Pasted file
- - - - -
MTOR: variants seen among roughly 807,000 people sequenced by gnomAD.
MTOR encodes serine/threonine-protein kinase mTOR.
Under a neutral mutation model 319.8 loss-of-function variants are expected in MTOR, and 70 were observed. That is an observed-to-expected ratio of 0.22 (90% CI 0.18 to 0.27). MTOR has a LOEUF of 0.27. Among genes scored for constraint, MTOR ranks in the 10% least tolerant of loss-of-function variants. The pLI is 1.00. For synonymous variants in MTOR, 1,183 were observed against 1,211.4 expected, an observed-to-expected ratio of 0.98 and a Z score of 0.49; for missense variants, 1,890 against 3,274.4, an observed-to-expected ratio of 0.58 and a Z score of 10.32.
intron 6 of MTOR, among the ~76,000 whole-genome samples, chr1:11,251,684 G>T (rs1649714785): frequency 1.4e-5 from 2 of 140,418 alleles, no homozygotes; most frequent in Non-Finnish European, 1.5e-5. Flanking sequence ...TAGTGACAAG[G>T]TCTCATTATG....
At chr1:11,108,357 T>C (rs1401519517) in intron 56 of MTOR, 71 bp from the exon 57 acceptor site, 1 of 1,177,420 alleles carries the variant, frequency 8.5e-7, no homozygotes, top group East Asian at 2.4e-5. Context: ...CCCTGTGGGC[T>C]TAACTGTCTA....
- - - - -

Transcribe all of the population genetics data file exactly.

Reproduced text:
MTOR: variants seen among roughly 807,000 people sequenced by gnomAD.
MTOR encodes serine/threonine-protein kinase mTOR.
Under a neutral mutation model 319.8 loss-of-function variants are expected in MTOR, and 70 were observed. That is an observed-to-expected ratio of 0.22 (90% CI 0.18 to 0.27). MTOR has a LOEUF of 0.27. Among genes scored for constraint, MTOR ranks in the 10% least tolerant of loss-of-function variants. The pLI is 1.00. For synonymous variants in MTOR, 1,183 were observed against 1,211.4 expected, an observed-to-expected ratio of 0.98 and a Z score of 0.49; for missense variants, 1,890 against 3,274.4, an observed-to-expected ratio of 0.58 and a Z score of 10.32.
intron 6 of MTOR, among the ~76,000 whole-genome samples, chr1:11,251,684 G>T (rs1649714785): frequency 1.4e-5 from 2 of 140,418 alleles, no homozygotes; most frequent in Non-Finnish European, 1.5e-5. Flanking sequence ...TAGTGACAAG[G>T]TCTCATTATG....
At chr1:11,108,357 T>C (rs1401519517) in intron 56 of MTOR, 71 bp from the exon 57 acceptor site, 1 of 1,177,420 alleles carries the variant, frequency 8.5e-7, no homozygotes, top group East Asian at 2.4e-5. Context: ...CCCTGTGGGC[T>C]TAACTGTCTA....